The Naked Mole-Rat Letters Summary & Study Guide

Mary Amato
This Study Guide consists of approximately 44 pages of chapter summaries, quotes, character analysis, themes, and more - everything you need to sharpen your knowledge of The Naked Mole-Rat Letters.
This section contains 569 words
(approx. 2 pages at 400 words per page)
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The Naked Mole-Rat Letters Summary & Study Guide Description

The Naked Mole-Rat Letters Summary & Study Guide includes comprehensive information and analysis to help you understand the book. This study guide contains the following sections:

This detailed literature summary also contains Quotes and a Free Quiz on The Naked Mole-Rat Letters by Mary Amato.

The following version of the book was used to create this study guide: Amato, Mary, The Naked Mole-Rat Letters. Holiday House, New York, 2005. Kindle AZW file.

Frankie Wallop is in seventh grade, and she feels that everything is going great until her father, Robert, returns from a conference in Washington. Frankie finds an email to her father from a woman named Ayanna Bayo. She is thanking Robert for the time they spent together and a kiss they shared. Frankie's mother died years earlier, and Robert has not dated during that time. Frankie immediately realizes that she has to stop this budding romance before it gets out of control. The problem is, Ayanna is smart enough to see through Frankie's efforts. Frankie soon learns that the happiness of others is just as important as her own.

Frankie's first emails to Ayanna are filled with lies about her family, including the horrible diseases her two younger brothers have. When that does not dissuade Ayanna, Frankie's lies become more outrageous. She eventually goes so far as to tell Ayanna that her father is engaged to be married and even signs her father's name to one of the emails. By that time, Ayanna has communicated with Frankie and Robert long enough to recognize that Frankie has lied. Ayanna makes it clear she is disappointed in Frankie's choice, but Frankie remains unrepentant, feeling that the ends justify the means. As Frankie scrambles to keep track of any communication between Ayanna and Robert, she finds that she is not focusing on school work and that she is willing to do anything to fight against the relationship that seems to be budding between Robert and Ayanna.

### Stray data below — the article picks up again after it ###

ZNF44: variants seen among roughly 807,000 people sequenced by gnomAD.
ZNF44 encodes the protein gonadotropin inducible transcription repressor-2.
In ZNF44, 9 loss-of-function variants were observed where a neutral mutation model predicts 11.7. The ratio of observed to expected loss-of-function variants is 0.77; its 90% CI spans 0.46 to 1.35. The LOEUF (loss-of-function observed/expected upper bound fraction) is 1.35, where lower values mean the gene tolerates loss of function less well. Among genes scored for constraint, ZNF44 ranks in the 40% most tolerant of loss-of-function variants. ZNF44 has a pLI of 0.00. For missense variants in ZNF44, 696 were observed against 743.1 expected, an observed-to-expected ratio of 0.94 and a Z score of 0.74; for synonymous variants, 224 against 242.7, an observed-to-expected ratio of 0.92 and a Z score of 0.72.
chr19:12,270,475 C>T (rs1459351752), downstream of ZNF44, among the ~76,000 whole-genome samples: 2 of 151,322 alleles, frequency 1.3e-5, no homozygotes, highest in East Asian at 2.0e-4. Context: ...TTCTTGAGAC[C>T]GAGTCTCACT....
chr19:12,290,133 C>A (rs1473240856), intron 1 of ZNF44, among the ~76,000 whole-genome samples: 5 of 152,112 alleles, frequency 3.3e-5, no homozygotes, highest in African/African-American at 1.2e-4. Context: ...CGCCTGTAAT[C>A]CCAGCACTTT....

At one point, Frankie feels compelled to get home to a computer. She lies to a teacher about having a dentist appointment and lies to a neighbor, saying it is her birthday. When the neighbor provides the family with a birthday cake for the occasion, Frankie lies to her father, saying the woman is clearly becoming demented. She feels her best friend, Beth, does not understand what she is feeling and that relationship spirals. She reaches out to Johnny, a boy with a poor reputation, for help hacking into her father's work emails. Frankie is shocked to discover she likes Johnny once she gets past his natural barriers, but she is horrified when everyone begins to tease them.

Frankie is surprised when she opens up to Ayanna, who advises Frankie to “follow her heart” as she makes decisions about what to do next. The final blows happen when Frankie ignores her youngest brother which prompts him to leave the house on his own one evening. Robert and others begin to search for the child and Frankie makes pizza in anticipation of their return. When she realizes she knows where her brother has gone, she leaves the house and returns to find the kitchen on fire. The fire damages only the kitchen but Frankie has reached the end of her rope.

Robert and Frankie finally have an open conversation, and each talks about what worries them most. The family comes together, and Frankie makes the decision to remain friends with Johnny, regardless of what others think of that. As the novel comes to a close, Frankie sends Ayanna a lengthy email, describing the events of her day and her own realization that change is not always bad.

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This section contains 569 words
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